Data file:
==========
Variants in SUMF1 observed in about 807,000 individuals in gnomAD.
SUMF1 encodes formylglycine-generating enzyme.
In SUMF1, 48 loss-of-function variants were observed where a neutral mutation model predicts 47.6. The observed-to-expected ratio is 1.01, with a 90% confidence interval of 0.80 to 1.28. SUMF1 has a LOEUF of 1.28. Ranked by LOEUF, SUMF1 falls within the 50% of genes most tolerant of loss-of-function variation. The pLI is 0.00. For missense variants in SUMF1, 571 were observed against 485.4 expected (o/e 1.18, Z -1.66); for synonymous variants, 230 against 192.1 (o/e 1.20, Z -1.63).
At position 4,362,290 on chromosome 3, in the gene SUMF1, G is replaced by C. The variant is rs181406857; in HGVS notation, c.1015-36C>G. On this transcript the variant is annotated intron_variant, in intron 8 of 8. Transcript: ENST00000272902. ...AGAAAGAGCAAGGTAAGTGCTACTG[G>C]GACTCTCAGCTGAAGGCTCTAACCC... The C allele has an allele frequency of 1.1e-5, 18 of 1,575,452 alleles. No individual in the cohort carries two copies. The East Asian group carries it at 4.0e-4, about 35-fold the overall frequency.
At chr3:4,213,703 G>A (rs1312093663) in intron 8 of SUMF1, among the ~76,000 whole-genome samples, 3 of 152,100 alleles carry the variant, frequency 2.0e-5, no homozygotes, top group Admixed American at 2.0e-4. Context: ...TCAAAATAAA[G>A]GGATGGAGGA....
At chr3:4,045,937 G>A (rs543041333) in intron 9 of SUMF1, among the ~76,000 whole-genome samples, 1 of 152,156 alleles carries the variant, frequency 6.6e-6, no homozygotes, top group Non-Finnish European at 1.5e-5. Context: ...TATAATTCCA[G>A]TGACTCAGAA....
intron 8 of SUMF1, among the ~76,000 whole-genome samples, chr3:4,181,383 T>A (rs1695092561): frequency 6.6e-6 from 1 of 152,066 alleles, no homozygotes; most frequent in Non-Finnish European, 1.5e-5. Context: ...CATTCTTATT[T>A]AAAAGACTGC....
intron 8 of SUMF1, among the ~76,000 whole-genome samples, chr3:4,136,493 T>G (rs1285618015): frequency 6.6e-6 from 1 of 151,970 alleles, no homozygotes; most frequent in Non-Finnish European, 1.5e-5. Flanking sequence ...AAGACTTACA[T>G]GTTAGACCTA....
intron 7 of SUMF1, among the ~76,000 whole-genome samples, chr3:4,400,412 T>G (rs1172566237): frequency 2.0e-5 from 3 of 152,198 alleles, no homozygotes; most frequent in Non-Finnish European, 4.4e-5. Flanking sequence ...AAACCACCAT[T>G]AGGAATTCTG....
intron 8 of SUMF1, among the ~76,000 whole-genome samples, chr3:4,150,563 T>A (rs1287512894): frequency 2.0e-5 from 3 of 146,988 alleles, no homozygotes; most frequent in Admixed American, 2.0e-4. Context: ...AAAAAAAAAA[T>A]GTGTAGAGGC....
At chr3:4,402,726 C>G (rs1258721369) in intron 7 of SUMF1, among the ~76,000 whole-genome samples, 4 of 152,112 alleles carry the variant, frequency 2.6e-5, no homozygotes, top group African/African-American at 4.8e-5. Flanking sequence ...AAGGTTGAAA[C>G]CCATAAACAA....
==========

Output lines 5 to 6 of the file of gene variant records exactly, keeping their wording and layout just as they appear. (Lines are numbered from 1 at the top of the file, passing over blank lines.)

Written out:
At chr3:4,213,703 G>A (rs1312093663) in intron 8 of SUMF1, among the ~76,000 whole-genome samples, 3 of 152,100 alleles carry the variant, frequency 2.0e-5, no homozygotes, top group Admixed American at 2.0e-4. Context: ...TCAAAATAAA[G>A]GGATGGAGGA....
At chr3:4,045,937 G>A (rs543041333) in intron 9 of SUMF1, among the ~76,000 whole-genome samples, 1 of 152,156 alleles carries the variant, frequency 6.6e-6, no homozygotes, top group Non-Finnish European at 1.5e-5. Context: ...TATAATTCCA[G>A]TGACTCAGAA....